Joseph Mannard

  • Joseph MannardAssociate Professor

    • Office: 304S Humanities and Social Sciences Building
    • Phone: 724-357-2284
    • Email: jmannard@iup.edu

    Fall 2020 Office Hours:

    • Monday/Wednesday: 11:00 a.m.–12:30 p.m.
    • Friday: 2:00–4:00 p.m.
    • and by appointment via Zoom

    Education

    • PhD, University of Maryland, College Park
    • MA, University of South Florida, Tampa
    • BA, University of South Florida, St. Petersburg
    • AA, Manatee Junior College, Bradenton, Florida

    Academic Interests

    Early American Thought and Culture, Early Republic, Women in America, “The Concealed Enemy”: Fear of Conspiracy in US History, Mobs, Riots, and Vigilantes: Collective Violence in US History

    Profile

    Joseph Mannard is a specialist in nineteenth-century US social history, with strong interests in antebellum benevolence and reform movements and in religious history. Most of his published research focuses on American Catholicism in the nineteenth century; in particular, the lives of Roman Catholic nuns in the antebellum era, a topic that illuminates the histories of health and charitable work, education, immigration, and women.

    His most recent publication is “’Our Prospects Are Mighty Dark’: The Ordeal of the Sisters of the Visitation in Antebellum Wheeling,” in American Catholic Studies: Journal of the American Catholic Historical Society (Spring 2020).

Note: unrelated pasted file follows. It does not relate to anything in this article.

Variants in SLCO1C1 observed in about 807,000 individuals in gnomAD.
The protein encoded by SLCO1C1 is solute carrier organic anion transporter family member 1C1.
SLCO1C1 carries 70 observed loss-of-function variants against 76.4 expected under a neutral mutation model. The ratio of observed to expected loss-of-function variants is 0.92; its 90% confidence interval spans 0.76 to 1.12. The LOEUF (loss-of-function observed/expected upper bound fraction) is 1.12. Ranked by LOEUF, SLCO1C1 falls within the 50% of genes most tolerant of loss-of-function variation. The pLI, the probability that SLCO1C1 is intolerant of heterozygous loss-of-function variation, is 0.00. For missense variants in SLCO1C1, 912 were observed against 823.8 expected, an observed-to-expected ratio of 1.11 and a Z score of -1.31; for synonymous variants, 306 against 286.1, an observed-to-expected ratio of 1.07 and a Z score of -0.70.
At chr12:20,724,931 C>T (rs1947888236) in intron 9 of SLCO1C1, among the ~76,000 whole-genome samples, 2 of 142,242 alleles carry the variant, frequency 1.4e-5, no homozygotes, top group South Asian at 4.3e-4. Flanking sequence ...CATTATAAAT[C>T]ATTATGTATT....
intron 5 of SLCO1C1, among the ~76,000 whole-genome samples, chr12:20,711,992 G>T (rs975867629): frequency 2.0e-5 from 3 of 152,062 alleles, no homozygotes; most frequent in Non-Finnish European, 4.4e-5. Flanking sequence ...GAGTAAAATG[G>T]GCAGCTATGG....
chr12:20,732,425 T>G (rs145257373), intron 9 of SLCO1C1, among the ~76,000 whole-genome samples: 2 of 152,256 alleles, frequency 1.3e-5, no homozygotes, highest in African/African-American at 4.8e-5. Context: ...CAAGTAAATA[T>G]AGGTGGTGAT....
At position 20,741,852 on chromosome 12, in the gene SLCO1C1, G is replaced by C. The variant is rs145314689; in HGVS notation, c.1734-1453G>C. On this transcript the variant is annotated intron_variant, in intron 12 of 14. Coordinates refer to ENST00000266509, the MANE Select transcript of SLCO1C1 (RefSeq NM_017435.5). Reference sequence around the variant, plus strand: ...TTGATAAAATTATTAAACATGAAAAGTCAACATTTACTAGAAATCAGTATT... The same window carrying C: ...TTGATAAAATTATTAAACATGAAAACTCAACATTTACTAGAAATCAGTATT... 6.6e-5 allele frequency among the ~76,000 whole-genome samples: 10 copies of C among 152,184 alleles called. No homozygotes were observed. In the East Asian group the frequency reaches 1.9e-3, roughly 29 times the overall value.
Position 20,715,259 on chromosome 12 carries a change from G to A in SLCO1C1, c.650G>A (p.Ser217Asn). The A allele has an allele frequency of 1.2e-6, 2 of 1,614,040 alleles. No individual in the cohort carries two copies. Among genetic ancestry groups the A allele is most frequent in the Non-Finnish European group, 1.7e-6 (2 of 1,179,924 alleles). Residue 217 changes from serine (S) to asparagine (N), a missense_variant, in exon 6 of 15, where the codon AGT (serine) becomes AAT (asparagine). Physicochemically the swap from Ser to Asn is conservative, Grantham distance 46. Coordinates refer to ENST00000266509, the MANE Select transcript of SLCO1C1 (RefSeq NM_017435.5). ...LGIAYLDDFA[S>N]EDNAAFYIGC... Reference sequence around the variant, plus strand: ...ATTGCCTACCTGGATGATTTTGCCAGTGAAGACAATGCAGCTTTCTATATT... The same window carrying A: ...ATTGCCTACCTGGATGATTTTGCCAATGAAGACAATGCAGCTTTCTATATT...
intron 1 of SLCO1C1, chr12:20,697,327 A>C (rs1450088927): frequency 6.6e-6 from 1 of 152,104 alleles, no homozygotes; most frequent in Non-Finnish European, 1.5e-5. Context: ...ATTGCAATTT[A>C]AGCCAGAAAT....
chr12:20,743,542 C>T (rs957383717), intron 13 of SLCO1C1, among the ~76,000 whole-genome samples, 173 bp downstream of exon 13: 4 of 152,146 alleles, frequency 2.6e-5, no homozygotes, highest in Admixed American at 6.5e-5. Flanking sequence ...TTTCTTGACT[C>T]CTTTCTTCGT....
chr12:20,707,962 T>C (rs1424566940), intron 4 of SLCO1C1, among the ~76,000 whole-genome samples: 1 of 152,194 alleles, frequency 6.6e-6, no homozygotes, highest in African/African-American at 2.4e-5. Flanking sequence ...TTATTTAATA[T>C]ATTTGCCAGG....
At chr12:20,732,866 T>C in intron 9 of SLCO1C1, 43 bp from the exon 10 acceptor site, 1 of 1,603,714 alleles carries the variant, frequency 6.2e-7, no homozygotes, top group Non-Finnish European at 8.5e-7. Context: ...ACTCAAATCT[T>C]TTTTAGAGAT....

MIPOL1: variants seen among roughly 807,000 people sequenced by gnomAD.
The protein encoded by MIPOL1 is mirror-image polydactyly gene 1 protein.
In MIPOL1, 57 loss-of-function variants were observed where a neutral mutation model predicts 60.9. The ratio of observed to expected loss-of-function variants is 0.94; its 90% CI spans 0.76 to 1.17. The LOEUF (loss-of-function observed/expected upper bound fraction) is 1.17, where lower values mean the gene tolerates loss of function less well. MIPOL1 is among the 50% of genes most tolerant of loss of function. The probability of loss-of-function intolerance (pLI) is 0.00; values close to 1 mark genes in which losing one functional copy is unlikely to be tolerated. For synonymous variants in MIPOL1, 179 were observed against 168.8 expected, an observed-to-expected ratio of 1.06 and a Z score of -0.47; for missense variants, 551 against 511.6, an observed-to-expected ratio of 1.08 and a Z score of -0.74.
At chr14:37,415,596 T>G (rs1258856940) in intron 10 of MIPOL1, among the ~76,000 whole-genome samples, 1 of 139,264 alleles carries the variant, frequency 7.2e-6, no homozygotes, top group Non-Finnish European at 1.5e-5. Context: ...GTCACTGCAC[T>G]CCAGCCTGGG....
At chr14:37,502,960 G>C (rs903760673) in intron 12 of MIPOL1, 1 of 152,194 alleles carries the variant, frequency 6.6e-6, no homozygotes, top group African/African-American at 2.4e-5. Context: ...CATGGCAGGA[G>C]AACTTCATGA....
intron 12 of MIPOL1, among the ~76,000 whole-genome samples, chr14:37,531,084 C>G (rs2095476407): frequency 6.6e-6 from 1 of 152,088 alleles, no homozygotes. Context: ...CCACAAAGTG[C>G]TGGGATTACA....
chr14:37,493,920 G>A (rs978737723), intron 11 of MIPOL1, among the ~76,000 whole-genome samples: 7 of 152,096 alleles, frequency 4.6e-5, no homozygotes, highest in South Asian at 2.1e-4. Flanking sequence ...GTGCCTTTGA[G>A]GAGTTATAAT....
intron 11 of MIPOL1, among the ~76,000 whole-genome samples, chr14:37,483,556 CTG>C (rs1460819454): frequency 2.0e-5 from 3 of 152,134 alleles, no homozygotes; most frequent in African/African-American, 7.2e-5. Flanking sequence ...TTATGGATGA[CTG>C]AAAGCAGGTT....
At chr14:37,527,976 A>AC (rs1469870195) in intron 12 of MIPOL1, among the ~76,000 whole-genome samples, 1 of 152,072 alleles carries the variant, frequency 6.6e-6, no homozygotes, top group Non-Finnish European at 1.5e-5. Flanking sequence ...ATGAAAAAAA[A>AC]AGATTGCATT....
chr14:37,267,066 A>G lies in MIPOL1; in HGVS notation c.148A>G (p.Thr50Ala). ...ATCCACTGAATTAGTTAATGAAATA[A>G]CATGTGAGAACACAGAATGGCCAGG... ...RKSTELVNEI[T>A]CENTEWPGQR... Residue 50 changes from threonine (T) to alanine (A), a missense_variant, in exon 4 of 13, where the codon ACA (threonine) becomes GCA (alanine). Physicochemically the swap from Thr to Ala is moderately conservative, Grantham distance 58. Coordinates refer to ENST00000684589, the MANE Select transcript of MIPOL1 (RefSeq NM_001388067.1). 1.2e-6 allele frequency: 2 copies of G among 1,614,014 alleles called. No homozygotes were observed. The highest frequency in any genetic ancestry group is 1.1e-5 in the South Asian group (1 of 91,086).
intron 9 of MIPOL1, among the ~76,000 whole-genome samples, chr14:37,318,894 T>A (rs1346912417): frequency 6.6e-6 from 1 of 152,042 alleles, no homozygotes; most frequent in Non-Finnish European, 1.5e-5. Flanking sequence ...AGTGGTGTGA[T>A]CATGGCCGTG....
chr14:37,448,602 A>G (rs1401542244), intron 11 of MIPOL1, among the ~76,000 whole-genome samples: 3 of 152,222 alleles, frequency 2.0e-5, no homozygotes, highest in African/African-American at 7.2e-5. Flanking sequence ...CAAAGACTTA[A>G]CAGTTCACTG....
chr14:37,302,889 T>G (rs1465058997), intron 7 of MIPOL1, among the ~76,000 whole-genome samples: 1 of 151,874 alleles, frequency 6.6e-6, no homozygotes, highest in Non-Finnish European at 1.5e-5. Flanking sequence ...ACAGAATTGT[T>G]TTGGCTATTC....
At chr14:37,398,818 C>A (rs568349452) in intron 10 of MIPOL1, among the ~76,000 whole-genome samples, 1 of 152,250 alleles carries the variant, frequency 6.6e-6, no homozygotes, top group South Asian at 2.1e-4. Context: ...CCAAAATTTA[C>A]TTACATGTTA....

Dr. Mannard’s article “’Our Dear Houses Are Here, There, + Everywhere’: The Convent Revolution in Antebellum America,” which appeared in American Catholic Studies (Summer 2017), was named  "Best Article in a Scholarly Journal for 2018" by the Catholic Press Association of the United States and Canada.

    His current research is a book-length project, America’s First Runaway Nun: the Two Lives of Ann Gertrude Wightt, 1799–1867, for which he received a Mother Theodore Guerin Research Travel Grant, Cushwa Center for the Study of American Catholicism, University of Notre Dame, 2019.

    Fall 2020 Courses

    • HIST 196 – Explorations in US History
    • HIST 204 – United States History to 1877
    • HIST 363 – Thought and Culture in Early America

    Spring 2021 Courses

    • To be determined